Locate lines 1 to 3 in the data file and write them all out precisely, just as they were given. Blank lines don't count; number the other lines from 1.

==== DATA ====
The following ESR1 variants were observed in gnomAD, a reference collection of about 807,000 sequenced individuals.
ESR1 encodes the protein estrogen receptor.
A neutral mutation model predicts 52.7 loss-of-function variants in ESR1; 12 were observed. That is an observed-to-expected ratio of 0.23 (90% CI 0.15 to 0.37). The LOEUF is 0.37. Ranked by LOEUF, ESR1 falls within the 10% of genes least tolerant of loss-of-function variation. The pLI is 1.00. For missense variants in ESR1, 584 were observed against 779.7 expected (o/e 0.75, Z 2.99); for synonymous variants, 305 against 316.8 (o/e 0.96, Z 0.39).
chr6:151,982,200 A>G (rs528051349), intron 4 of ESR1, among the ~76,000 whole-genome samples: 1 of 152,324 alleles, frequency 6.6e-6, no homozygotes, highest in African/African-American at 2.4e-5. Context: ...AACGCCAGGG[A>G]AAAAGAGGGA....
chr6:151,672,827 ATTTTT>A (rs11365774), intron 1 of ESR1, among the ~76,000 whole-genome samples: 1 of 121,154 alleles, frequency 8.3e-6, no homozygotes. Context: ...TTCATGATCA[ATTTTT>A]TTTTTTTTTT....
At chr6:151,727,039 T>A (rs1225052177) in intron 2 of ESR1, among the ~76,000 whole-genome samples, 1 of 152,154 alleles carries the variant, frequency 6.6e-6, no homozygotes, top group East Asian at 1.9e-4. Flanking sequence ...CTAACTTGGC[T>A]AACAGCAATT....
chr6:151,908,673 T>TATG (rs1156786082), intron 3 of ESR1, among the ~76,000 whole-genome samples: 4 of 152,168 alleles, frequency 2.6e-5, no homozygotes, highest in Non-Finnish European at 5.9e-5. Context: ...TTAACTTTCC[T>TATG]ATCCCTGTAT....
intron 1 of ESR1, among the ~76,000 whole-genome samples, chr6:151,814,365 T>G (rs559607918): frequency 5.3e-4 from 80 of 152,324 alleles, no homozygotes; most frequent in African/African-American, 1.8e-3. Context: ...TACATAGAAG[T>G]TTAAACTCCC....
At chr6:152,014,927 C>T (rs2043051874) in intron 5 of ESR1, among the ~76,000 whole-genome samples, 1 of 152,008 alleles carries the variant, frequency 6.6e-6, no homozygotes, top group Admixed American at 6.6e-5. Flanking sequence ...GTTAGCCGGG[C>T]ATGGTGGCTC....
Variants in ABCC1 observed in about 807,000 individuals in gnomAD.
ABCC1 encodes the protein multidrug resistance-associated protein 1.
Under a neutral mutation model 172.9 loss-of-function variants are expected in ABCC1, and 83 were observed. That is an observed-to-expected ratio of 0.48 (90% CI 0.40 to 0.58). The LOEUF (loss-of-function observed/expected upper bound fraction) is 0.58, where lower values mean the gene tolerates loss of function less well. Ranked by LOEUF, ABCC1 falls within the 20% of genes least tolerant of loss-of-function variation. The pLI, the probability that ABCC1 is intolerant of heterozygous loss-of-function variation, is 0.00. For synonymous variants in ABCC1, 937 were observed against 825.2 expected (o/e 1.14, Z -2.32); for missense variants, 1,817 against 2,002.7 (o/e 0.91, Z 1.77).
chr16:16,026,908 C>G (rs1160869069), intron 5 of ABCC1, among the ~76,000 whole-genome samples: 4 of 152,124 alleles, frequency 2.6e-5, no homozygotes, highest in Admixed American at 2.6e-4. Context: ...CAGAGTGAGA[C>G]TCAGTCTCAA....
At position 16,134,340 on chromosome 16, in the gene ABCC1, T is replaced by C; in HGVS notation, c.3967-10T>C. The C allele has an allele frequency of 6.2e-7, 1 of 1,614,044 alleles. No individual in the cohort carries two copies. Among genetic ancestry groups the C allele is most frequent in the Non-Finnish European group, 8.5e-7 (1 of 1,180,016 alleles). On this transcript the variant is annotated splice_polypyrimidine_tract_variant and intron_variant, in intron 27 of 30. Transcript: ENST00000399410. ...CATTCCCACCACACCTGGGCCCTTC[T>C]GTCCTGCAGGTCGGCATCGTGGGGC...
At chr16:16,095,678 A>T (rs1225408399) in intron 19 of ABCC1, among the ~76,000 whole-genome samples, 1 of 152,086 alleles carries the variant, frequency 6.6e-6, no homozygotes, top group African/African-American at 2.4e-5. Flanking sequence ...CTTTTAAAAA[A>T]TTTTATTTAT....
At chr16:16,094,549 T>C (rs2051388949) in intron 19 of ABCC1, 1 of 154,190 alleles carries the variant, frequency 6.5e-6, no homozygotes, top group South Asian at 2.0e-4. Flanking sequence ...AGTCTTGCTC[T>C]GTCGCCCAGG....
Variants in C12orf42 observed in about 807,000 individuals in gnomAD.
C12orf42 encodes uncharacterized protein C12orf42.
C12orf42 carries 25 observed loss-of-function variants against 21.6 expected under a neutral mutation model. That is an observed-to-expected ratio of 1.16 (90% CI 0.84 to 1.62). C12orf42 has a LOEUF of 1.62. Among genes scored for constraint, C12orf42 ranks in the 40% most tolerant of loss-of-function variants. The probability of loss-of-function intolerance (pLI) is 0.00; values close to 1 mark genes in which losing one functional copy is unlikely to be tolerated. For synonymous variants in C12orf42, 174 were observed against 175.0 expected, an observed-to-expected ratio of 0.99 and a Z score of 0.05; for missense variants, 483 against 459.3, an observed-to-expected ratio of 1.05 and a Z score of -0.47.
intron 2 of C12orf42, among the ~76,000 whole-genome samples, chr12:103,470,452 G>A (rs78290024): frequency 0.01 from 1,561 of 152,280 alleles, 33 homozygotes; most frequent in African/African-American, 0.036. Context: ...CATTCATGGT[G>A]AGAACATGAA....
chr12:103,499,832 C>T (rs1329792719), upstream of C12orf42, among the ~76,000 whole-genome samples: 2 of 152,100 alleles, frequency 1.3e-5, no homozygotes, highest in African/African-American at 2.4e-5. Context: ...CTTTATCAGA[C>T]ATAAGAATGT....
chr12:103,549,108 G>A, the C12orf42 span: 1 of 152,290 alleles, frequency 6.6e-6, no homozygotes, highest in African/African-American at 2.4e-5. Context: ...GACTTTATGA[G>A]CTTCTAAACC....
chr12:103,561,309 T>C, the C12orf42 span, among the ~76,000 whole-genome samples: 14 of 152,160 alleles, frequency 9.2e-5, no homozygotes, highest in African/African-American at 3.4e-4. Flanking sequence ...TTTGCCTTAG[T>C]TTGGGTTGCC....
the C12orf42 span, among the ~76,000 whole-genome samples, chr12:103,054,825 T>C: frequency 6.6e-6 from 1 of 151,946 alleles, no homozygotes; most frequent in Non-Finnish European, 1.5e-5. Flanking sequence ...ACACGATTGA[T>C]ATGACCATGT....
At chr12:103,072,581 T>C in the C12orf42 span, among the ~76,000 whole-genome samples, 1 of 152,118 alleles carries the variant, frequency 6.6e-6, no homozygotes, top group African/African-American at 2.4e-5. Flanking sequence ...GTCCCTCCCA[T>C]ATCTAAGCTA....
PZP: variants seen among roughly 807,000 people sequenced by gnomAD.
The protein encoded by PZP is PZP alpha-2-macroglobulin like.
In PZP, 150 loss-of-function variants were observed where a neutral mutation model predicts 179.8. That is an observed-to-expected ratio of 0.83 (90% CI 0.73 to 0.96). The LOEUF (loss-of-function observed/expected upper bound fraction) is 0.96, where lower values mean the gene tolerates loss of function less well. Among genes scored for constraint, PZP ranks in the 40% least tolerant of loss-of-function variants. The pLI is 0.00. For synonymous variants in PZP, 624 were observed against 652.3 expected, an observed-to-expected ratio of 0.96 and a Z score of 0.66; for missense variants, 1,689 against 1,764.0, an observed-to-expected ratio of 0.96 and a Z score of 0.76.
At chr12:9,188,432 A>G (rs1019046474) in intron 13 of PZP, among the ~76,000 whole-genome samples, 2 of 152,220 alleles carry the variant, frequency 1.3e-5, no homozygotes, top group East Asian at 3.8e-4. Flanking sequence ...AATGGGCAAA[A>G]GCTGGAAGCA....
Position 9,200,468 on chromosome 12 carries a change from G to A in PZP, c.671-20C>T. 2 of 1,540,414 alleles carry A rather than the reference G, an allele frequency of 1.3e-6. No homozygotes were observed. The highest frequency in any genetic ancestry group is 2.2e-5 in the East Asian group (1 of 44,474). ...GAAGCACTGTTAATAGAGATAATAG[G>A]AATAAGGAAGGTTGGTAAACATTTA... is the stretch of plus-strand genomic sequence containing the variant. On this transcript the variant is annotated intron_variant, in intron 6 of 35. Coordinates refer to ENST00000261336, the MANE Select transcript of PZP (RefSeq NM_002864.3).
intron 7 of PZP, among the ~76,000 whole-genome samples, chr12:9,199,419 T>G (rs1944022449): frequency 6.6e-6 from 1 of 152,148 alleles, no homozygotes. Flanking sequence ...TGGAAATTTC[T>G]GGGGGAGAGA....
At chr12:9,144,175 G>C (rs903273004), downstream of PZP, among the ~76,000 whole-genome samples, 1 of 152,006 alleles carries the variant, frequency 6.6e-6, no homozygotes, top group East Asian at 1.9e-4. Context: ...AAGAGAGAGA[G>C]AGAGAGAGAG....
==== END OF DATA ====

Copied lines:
The following ESR1 variants were observed in gnomAD, a reference collection of about 807,000 sequenced individuals.
ESR1 encodes the protein estrogen receptor.
A neutral mutation model predicts 52.7 loss-of-function variants in ESR1; 12 were observed. That is an observed-to-expected ratio of 0.23 (90% CI 0.15 to 0.37). The LOEUF is 0.37. Ranked by LOEUF, ESR1 falls within the 10% of genes least tolerant of loss-of-function variation. The pLI is 1.00. For missense variants in ESR1, 584 were observed against 779.7 expected (o/e 0.75, Z 2.99); for synonymous variants, 305 against 316.8 (o/e 0.96, Z 0.39).